The principles behind safely preserving food at home

Find out how the different methods of food preservation keep your food safe.

The most common method of preserving food is canning. This process was developed about 150 years ago. The goal of food preservation is to increase the shelf-life of food while keeping it safe to eat. Not all foods can be safely preserved at home since the required equipment and ingredients are not always available to the consumer.

For consumers to safely preserve foods at home, researched-based methods such as the United States Department of Agriculture Complete Guide to Home Canning must be followed. Other such resources include “So Easy to Preserve” from The University of Georgia Cooperative Extension. Michigan State University Extension also provides face-to-face workshops and an online home food preservation course


Preserving using a canning method involves placing food in specified canning jars that are sealed with two-piece lids. The jars are heated to a temperature that destroys harmful microorganisms and inactivates enzymes. This heating, and later cooling, forms a vacuum seal. This vacuum seal prevents further microorganisms from entering the jar and contaminating the foods during storage.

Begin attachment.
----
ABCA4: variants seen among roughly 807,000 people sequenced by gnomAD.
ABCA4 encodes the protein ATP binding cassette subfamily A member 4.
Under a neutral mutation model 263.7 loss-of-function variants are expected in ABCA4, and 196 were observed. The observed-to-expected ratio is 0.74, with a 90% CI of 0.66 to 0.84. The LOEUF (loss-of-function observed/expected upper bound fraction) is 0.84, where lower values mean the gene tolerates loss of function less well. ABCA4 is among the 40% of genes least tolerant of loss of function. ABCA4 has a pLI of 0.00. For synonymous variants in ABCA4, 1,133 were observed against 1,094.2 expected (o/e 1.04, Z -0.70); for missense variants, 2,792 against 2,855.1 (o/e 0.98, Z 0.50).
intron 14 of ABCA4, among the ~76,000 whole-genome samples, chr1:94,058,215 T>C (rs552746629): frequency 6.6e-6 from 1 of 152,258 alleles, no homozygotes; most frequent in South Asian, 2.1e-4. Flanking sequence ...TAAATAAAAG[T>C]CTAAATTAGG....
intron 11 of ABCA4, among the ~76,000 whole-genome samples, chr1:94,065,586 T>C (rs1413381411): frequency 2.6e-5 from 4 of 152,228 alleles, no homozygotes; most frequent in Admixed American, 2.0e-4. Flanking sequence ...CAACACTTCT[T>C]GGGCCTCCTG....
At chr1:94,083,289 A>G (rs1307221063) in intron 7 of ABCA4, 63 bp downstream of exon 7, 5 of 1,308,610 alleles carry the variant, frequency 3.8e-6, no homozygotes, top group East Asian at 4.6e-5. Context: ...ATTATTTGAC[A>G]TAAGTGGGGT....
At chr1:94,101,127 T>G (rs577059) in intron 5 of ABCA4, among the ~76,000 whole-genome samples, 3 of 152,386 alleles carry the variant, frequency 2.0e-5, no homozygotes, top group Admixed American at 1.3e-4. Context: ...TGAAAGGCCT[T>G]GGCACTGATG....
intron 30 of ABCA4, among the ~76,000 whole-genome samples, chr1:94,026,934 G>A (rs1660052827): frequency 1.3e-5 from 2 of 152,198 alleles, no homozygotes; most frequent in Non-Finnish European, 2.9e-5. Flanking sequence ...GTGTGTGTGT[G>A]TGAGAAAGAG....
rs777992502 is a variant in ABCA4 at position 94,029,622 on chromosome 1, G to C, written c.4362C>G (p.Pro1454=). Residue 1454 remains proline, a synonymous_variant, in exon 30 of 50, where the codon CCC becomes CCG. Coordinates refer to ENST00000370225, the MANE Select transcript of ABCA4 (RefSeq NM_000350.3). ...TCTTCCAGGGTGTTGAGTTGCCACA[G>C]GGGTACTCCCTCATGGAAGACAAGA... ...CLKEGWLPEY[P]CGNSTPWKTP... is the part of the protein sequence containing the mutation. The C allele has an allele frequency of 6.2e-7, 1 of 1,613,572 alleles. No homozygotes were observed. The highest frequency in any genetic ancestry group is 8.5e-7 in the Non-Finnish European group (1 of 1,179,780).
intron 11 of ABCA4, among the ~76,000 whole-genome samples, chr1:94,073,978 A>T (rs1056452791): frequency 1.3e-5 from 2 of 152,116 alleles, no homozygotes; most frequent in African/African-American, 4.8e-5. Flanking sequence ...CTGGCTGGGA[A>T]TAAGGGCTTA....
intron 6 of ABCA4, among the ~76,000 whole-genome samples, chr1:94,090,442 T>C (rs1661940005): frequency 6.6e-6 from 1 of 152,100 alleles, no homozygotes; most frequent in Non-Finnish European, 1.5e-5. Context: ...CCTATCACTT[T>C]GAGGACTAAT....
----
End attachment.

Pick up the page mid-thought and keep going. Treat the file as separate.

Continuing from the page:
Pickling is another form of canning. The addition of vinegar to this method makes the food so acidic (pH less than 4.6) that harmful bacteria cannot survive or grow. The pickling method includes heating the jars in boiling water at 212 degrees F which will destroy microorganisms and form a vacuum seal in the jar to prevent contamination during storage. 

Jelly and Jam

Jelly and jam making is another form of canning. The high sugar content binds with the water present, making microbial growth difficult. To prevent surface contamination after the food is made, such as yeast or mold growth, jellies and jams are sealed through either heat processing, freezing or refrigeration.


Drying is a form of preservation through the removal of moisture from foods. This inhibits the growth of microorganisms. Dried foods should be stored in airtight containers to prevent moisture that would allow microbial growth.


Freezing is one of the simplest methods of preserving. Freezing foods at zero degrees F or below slows the growth of microorganisms and enzyme activity. Blanching of most vegetables inactivates the enzymes that lead to spoilage.

Whichever method you select to preserve foods at home, remember to use researched-based recipes and follow the manufacturer’s directions on canning equipment. MSU Extension is a great source for questions or concerns when preserving foods at home.

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